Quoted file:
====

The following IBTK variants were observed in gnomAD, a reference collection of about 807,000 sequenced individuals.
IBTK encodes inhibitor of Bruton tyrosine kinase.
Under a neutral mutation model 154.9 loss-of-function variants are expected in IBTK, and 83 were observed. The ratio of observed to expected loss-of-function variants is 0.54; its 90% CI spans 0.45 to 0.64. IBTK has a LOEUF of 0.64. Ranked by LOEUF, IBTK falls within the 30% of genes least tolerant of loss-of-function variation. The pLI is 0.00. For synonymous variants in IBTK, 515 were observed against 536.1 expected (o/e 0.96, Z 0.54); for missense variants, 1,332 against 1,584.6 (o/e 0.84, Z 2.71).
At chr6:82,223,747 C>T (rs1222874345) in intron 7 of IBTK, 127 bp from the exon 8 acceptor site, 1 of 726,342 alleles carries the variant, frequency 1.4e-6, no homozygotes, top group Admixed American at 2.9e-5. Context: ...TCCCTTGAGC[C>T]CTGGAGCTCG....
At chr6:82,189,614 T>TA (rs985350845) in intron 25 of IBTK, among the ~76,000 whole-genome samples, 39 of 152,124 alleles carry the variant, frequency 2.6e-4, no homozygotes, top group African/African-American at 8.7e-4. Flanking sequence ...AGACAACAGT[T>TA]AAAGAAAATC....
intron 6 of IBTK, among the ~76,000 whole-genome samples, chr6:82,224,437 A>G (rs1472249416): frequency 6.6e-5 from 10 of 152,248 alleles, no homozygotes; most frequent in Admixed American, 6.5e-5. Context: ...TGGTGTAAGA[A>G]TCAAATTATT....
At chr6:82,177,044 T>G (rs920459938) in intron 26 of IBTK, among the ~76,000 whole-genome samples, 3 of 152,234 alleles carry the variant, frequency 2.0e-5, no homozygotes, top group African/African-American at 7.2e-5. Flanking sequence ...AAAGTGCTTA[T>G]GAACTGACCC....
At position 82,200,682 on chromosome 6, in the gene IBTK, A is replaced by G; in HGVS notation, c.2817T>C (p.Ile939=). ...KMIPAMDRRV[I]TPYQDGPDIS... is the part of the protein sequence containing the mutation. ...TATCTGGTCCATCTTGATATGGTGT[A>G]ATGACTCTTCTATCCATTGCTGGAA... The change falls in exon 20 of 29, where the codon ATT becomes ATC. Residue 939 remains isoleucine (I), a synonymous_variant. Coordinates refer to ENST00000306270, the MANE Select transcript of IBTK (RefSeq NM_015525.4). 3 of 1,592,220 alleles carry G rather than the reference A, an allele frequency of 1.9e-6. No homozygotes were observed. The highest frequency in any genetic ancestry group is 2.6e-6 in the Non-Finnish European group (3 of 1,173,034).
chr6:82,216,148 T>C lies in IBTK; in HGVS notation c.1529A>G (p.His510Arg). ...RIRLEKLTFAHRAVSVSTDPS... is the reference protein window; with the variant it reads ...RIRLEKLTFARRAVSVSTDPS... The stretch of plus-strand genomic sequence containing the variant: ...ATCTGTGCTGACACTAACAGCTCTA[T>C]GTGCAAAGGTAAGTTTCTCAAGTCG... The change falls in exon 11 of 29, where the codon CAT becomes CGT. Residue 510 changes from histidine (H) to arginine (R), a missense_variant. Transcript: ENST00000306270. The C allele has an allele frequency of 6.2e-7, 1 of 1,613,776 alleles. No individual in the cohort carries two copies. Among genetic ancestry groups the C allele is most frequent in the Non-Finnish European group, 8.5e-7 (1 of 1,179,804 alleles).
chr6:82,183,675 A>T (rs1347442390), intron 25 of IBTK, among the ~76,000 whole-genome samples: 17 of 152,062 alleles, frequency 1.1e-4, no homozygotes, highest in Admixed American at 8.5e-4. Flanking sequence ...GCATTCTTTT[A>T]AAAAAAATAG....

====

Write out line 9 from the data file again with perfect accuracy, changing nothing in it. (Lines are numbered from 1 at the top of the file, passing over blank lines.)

chr6:82,216,148 T>C lies in IBTK; in HGVS notation c.1529A>G (p.His510Arg). ...RIRLEKLTFAHRAVSVSTDPS... is the reference protein window; with the variant it reads ...RIRLEKLTFARRAVSVSTDPS... The stretch of plus-strand genomic sequence containing the variant: ...ATCTGTGCTGACACTAACAGCTCTA[T>C]GTGCAAAGGTAAGTTTCTCAAGTCG... The change falls in exon 11 of 29, where the codon CAT becomes CGT. Residue 510 changes from histidine (H) to arginine (R), a missense_variant. Transcript: ENST00000306270. The C allele has an allele frequency of 6.2e-7, 1 of 1,613,776 alleles. No individual in the cohort carries two copies. Among genetic ancestry groups the C allele is most frequent in the Non-Finnish European group, 8.5e-7 (1 of 1,179,804 alleles).